Anonymous
Anonymous asked in Society & CultureReligion & Spirituality · 1 decade ago

What's the difference between religion and philosophy?

Besides the organization and groups, what's the real difference between any teachings of any religion and good ol' philosophy?

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  • 1 decade ago
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    If we can see philosophy growing out of mythic thought in Greek history, how does one distinguish philosophy from religion, as the two coexists but are distinguished from each other.

    Socrates talks about the gods all the time, and it is not clear why he should not be regarded as a religious figure rather than a secular philosopher.

    The easy distinction between religion and philosophy in Western history occurs because of the historical accident that the religion of people like Socrates and Plato later ceased to exist. The old gods of the Greeks, Egyptian, Babylonians, Phoenicians, Romans, Celts, Germans, Slavs, etc. were later replaced by one old religion, Judaism, and two new ones from the same tradition, Christianity and Islam.

    It is now possible to say "religion" and mean one of those and to say "philosophy" and simply mean "that Greek stuff" (falsafah in Arabic), where the religious side of Greek thought just need not be taken seriously.

    The historical circumstances that allow for distinction does not occur in India or China.

    Bhagavad Gita, a religious document for Hinduism, is also a fundamental document of Indian philosophy; Gita appears to have been produced by Indian philosophy, the Sankhya and Yoga Schools, then been transformed into a religious document, and finally used for both religious and philosophical (by Vedânta) purposes later on. This kind of thing makes distinctions between religion and philosophy very difficult in the Indian tradition.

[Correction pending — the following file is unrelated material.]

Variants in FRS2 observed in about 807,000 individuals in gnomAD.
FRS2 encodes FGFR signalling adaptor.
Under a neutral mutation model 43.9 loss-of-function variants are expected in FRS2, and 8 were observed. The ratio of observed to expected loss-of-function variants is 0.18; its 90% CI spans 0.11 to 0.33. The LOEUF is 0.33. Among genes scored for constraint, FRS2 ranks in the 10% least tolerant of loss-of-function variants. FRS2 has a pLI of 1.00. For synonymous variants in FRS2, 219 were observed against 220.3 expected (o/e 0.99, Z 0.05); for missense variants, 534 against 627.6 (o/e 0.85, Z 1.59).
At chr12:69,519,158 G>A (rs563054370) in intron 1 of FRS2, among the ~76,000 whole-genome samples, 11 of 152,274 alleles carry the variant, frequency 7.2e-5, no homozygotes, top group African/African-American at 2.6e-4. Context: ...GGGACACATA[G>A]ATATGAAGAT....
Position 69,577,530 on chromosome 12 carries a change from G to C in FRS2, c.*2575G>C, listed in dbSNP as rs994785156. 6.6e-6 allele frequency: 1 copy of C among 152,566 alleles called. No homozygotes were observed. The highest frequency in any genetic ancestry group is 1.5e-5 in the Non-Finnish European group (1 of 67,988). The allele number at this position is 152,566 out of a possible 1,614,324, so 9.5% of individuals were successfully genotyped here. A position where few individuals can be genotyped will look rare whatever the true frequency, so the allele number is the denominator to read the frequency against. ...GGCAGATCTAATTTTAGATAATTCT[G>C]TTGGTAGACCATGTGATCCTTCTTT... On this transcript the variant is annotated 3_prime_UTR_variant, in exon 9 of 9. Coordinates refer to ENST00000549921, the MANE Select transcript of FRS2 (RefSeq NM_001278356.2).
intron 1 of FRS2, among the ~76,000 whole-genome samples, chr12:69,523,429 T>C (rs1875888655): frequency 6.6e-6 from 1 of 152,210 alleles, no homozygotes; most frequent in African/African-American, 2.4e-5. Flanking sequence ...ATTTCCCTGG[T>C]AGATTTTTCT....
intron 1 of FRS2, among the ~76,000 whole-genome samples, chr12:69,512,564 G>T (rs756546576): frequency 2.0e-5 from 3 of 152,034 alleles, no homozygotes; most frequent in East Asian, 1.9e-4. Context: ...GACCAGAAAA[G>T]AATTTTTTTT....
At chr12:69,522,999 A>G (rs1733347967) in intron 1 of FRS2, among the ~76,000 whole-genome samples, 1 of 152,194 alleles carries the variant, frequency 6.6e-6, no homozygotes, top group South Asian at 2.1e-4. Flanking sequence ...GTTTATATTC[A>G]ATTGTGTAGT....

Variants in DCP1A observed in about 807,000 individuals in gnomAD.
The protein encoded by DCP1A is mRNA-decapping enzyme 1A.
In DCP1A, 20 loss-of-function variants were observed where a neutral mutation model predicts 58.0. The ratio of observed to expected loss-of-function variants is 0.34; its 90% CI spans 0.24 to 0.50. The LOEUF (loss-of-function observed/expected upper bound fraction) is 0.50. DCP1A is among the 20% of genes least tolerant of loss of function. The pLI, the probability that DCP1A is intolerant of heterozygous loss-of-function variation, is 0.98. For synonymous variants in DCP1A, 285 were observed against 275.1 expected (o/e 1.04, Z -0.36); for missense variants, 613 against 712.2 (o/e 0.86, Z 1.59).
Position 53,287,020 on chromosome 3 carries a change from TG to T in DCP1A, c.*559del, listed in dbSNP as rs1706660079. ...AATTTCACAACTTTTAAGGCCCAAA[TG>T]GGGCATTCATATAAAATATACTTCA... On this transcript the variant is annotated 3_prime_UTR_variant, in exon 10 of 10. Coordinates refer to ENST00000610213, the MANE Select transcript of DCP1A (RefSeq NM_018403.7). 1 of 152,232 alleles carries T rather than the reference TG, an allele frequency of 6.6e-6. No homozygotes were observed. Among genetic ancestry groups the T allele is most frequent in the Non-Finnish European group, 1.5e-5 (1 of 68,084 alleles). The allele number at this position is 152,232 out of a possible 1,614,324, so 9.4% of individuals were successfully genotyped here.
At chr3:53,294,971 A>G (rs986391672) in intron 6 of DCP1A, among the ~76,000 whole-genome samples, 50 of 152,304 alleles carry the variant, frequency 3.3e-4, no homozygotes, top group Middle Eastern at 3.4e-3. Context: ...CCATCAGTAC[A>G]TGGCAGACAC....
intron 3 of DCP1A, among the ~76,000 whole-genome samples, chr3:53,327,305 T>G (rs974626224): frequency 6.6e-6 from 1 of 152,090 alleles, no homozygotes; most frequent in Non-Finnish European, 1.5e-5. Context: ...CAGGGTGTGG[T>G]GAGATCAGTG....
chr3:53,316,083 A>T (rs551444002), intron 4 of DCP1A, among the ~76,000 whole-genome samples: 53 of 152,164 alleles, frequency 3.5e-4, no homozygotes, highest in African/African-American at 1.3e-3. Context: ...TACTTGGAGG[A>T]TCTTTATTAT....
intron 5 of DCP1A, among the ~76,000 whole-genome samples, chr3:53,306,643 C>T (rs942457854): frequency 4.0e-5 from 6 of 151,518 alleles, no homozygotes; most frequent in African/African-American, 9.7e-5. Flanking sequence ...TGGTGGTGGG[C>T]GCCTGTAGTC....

Similar difficulties exist for Chinese and Medieval Western thought. Philosophers are easily classified as Christian, Jewish, or Moslem. If philosophy had nothing to do with religion, presumably it would be superfluous to identify Moses Maimonides (1135-1204) as Jewish or Avicenna (Ibn Sina, 980-1037) as Moslem.

    One of the greatest philosophers, St. Thomas Aquinas (1224-1274), addressed the issue by distinguishing "natural theology," (based on reason alone) as opposed to "dogmatic theology," (based on revelation). Jewish and Moslem philosophers made similar distinctions and extended that reason could ultimately justify everything in religion.

    Definitions for religion and philosophy involves similar distinctions, where the original context of all thought is mythic.

    Since myth does not argue, but philosophy does, religion mixes in philosophic elements but always retains an authoritative link to a mythic context.

    Mythic context, tends to exert historical authority. Philosophy cannot conjure up historical particulars out of pure reason, but religion always relates its truth to historical particulars, the actual source of the religion or its received tradition.

    Contrary to the text on Evolution of human thought, it must be accepted that mythic thought, and so religion, cannot be replaced by philosophy, or by science.

    Religion must answer how any discourse can occur when the notion of God, a being who transcends the realm of human experience and concepts.

    Can we say anything meaningful about God?

    If we can, is there any truth about God?

    The "verificationists" of the first half of the 20th century denied the former, and religious people deny the latter.

    Many religious people, though they believe that human language can speak meaningfully about God, deny that anything in theological language is literally true about God.

    References:

    Rudolf Otto (1869-1937) in his classic, "Idea of the Holy (Das Heilige)" in 1917, It's influence extends from C.G. Jung (1875-1961) to the "Chicago School" of history of religion founded by Mircea Eliade (1907-1986).